Additionally, beginning as early as elementary school, Australian schools have started to integrate well-being into their curriculum. Both public and private schools have taken the task to heart, and in 2017 it was reported that all public schools in New South Wales were required to have a planned public approach to well-being. Efforts include measuring student well-being, developing and implementing strategies to reduce student anxiety, and hiring staff with a specific focus in well-being. By beginning to focus on well-being in early childhood, New South Wales is taking steps towards creating healthier students and communities that will ultimately benefit institutions of higher education.


In the United Kingdom, a legislative focus on mental health and well-being has brought with it an increase in data collection, resources, and policy. In 2017, the National Union of Students supported a large-scale mental health study to assess the health and well-being of nearly 200,000 students.

Additionally, the National Health Service has proposed a plan to “create a system of primary care for mental health that is on par with the physical health care system.” The system is bracing to treat an extra one million patients each year, in the hopes of reducing instances of suicide and increasing overall mental wellness.

Elsewhere, entire communities are making efforts to increase compassion, connection, and wellness. The town of Frome, located in Somerset, England, has launched what they refer to as the “Compassionate Frome Project,” with a goal of building a more compassionate community. This endeavor, started in 2013 by Helen Kingston, a local doctor, and backed by the town’s government, aimed to reduce the silos that agencies and individuals often work in, and increase community-wide connection. By setting up a directory of local agencies and services, Kingston and her team were able to recognize and fill the areas where potential resource gaps existed. Taking this one step further, they employed “health connectors” responsible for connecting individuals to resources, and trained “community connectors” — community members who learned how to support other community members. Given that colleges are often structured similarly to communities, institutions of higher education may consider a similar approach to the one taken in Frome.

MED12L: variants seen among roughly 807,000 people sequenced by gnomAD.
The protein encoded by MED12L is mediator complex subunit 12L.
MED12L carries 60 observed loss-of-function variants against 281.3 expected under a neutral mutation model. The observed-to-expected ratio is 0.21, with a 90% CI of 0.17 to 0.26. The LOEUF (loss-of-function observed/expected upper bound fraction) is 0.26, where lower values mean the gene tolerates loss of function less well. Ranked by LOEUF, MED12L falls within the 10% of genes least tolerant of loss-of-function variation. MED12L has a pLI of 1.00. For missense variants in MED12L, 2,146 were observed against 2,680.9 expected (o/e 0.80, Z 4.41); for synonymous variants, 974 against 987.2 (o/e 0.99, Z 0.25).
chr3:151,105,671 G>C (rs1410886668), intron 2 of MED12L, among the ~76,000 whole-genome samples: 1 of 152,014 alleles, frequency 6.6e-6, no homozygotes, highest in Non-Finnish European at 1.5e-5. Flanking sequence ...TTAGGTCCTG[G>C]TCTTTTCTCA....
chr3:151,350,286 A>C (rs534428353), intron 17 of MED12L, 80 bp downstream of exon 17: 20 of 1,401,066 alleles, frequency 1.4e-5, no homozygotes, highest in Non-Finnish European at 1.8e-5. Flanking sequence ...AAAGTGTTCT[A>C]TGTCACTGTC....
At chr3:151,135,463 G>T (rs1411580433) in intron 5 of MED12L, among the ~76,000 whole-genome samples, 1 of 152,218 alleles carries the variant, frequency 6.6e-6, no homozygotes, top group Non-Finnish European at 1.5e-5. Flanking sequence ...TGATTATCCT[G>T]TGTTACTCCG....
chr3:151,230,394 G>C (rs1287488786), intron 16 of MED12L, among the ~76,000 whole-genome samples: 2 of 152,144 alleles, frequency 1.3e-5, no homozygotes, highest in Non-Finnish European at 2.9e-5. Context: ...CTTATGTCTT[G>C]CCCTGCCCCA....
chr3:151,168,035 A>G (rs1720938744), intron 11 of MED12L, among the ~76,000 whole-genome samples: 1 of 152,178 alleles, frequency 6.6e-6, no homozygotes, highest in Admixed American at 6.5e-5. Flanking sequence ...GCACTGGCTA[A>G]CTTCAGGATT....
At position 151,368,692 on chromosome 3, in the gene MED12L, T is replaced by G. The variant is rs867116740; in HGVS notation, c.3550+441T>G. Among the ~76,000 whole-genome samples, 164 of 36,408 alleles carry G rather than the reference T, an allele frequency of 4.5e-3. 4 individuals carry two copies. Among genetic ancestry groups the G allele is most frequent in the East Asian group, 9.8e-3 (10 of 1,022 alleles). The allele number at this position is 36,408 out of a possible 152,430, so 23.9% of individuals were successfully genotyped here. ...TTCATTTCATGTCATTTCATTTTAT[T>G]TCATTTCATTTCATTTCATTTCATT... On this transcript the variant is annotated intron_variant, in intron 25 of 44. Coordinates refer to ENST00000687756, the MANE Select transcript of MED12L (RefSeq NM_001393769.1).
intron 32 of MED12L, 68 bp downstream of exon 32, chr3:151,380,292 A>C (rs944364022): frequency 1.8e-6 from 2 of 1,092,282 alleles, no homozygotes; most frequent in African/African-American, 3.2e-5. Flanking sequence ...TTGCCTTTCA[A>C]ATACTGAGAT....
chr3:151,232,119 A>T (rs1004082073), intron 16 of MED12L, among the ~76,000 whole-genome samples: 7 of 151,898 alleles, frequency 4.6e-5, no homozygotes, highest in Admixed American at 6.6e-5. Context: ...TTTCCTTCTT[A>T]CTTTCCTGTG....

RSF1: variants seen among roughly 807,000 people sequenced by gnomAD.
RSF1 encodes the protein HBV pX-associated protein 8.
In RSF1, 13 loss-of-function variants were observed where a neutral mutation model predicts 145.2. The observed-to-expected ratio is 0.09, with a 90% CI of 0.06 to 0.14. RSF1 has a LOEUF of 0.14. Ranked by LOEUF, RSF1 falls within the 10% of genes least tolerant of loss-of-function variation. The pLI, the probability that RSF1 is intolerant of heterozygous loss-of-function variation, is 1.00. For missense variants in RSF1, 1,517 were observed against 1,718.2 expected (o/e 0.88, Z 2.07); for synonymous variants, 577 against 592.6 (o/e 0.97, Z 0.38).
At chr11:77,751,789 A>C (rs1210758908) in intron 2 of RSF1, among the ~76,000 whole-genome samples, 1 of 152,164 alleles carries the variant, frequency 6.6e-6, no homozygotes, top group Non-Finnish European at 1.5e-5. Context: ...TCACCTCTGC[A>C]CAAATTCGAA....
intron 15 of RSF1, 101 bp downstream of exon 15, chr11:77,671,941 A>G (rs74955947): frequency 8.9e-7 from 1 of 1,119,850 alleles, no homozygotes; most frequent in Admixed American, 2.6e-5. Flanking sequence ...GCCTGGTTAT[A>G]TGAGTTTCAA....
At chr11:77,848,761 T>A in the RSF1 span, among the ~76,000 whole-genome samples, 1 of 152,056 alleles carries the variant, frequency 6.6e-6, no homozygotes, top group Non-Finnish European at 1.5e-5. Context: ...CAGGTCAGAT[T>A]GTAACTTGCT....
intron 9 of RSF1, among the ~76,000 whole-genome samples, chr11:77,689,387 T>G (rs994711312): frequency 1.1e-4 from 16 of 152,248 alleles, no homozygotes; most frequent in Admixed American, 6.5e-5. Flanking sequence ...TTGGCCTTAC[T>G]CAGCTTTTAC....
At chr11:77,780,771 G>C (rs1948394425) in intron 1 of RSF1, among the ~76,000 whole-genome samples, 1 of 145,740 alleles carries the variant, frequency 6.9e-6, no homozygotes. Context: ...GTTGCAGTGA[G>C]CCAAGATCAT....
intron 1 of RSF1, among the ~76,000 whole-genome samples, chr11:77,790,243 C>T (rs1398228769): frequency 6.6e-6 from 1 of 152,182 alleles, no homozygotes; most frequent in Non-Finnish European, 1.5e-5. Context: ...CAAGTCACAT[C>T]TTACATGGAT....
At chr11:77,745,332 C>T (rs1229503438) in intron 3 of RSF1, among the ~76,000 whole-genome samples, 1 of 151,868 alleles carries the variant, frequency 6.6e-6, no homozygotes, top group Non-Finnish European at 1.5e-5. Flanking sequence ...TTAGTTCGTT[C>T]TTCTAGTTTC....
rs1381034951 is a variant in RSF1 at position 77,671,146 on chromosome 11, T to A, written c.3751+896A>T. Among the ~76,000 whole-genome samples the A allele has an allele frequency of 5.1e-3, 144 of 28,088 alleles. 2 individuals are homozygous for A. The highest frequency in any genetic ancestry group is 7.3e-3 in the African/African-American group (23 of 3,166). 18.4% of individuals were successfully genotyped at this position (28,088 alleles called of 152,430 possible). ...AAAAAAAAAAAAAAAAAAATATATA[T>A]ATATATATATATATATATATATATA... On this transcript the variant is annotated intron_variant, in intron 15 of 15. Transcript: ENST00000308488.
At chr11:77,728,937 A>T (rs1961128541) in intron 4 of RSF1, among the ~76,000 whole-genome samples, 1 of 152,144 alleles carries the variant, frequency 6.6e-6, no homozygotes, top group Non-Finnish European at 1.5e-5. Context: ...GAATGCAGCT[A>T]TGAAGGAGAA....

From a systemic standpoint, one agency has set out to explore the systems that contributed to well-being across the U.K. “What Works Well-being” is a centre that explores ways in which systems–the built environment, housing, infrastructure, culture, and community–contribute to well-being. Their website is a wealth of resources on resilience in physical spaces, ideas for measuring well-being, local well-being indicators, and creating well environments.

Another helpful resource for institutions seeking to increase well-being within their communities is the Anna Freud Toolkit. Put forth by Public Health England, the toolkit for schools and colleges aims to raise awareness of tools for measuring well-being, and to provide administrators with resources and best practices for collecting such data.

While institutions of higher education throughout the U.S. are making great strides on issues related to student well-being, we also have much to learn from our partners around the world. By applying a global lens to the concept of wellness, and seeking inspiration from outside of the 50 states, we can continue to ensure that we are doing our part to create healthy and happy communities of learners.

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More on Mental Health on Campus:

What Campus Mental Health Centers Are Doing to Keep Up With Student Need

If You’re a Student Who’s Struggling With Mental Health, These 7 Tips Will Help

The Hidden Stress of RAs in the Student Mental Health Crisis